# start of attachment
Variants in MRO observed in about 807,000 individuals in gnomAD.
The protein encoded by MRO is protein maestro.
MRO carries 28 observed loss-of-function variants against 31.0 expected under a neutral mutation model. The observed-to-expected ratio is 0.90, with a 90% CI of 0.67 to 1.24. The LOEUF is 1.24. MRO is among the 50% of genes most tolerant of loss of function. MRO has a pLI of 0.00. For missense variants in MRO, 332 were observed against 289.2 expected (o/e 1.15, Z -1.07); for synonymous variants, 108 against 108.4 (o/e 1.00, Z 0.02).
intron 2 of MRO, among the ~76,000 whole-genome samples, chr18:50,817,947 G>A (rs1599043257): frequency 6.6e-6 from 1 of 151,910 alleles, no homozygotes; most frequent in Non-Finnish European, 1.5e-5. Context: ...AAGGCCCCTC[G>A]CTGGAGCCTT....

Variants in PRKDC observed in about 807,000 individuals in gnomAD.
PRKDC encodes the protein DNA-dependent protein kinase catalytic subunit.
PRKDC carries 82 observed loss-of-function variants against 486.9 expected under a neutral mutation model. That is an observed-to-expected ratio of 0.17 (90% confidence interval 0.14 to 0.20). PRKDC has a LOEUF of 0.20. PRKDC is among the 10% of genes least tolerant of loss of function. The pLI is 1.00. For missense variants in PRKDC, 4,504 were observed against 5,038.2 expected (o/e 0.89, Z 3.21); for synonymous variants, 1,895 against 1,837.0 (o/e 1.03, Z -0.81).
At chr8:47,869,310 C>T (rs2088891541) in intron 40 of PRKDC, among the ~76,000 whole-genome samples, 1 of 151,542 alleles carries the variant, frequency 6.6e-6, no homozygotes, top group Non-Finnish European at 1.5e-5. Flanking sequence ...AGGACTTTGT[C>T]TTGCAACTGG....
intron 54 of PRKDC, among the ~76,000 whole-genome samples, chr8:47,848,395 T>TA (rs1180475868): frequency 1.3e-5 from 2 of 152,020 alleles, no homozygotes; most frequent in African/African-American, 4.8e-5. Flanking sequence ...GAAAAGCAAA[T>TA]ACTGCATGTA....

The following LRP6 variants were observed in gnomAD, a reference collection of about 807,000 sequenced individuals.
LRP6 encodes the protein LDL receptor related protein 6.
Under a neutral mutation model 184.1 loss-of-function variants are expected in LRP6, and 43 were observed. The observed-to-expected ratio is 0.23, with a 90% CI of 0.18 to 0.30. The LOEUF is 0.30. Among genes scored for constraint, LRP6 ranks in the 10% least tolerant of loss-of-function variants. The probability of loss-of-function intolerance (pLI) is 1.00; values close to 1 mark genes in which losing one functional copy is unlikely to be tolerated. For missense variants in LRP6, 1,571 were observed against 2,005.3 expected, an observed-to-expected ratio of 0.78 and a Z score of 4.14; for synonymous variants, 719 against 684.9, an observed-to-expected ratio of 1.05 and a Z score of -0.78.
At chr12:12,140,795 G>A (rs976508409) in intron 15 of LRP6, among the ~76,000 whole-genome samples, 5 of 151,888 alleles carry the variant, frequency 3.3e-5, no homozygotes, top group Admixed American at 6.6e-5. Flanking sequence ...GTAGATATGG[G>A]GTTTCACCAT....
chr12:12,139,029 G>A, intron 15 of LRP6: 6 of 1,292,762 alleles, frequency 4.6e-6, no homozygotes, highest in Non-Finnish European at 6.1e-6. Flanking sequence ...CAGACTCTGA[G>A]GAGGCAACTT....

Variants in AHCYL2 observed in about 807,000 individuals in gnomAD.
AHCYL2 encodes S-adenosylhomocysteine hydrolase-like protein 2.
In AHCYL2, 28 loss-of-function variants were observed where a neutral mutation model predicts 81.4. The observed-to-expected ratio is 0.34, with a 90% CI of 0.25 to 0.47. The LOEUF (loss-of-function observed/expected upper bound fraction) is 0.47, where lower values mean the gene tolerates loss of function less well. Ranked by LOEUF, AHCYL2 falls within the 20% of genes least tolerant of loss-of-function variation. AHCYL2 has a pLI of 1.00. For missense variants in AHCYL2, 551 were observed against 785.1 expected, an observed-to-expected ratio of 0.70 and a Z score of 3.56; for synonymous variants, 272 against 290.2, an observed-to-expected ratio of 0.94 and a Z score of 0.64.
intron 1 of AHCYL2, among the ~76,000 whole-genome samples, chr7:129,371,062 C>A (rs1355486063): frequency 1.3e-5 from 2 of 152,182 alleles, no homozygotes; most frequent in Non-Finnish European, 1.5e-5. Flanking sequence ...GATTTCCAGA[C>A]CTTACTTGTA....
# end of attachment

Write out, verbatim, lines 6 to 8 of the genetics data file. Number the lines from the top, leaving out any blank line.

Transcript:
PRKDC encodes the protein DNA-dependent protein kinase catalytic subunit.
PRKDC carries 82 observed loss-of-function variants against 486.9 expected under a neutral mutation model. That is an observed-to-expected ratio of 0.17 (90% confidence interval 0.14 to 0.20). PRKDC has a LOEUF of 0.20. PRKDC is among the 10% of genes least tolerant of loss of function. The pLI is 1.00. For missense variants in PRKDC, 4,504 were observed against 5,038.2 expected (o/e 0.89, Z 3.21); for synonymous variants, 1,895 against 1,837.0 (o/e 1.03, Z -0.81).
At chr8:47,869,310 C>T (rs2088891541) in intron 40 of PRKDC, among the ~76,000 whole-genome samples, 1 of 151,542 alleles carries the variant, frequency 6.6e-6, no homozygotes, top group Non-Finnish European at 1.5e-5. Flanking sequence ...AGGACTTTGT[C>T]TTGCAACTGG....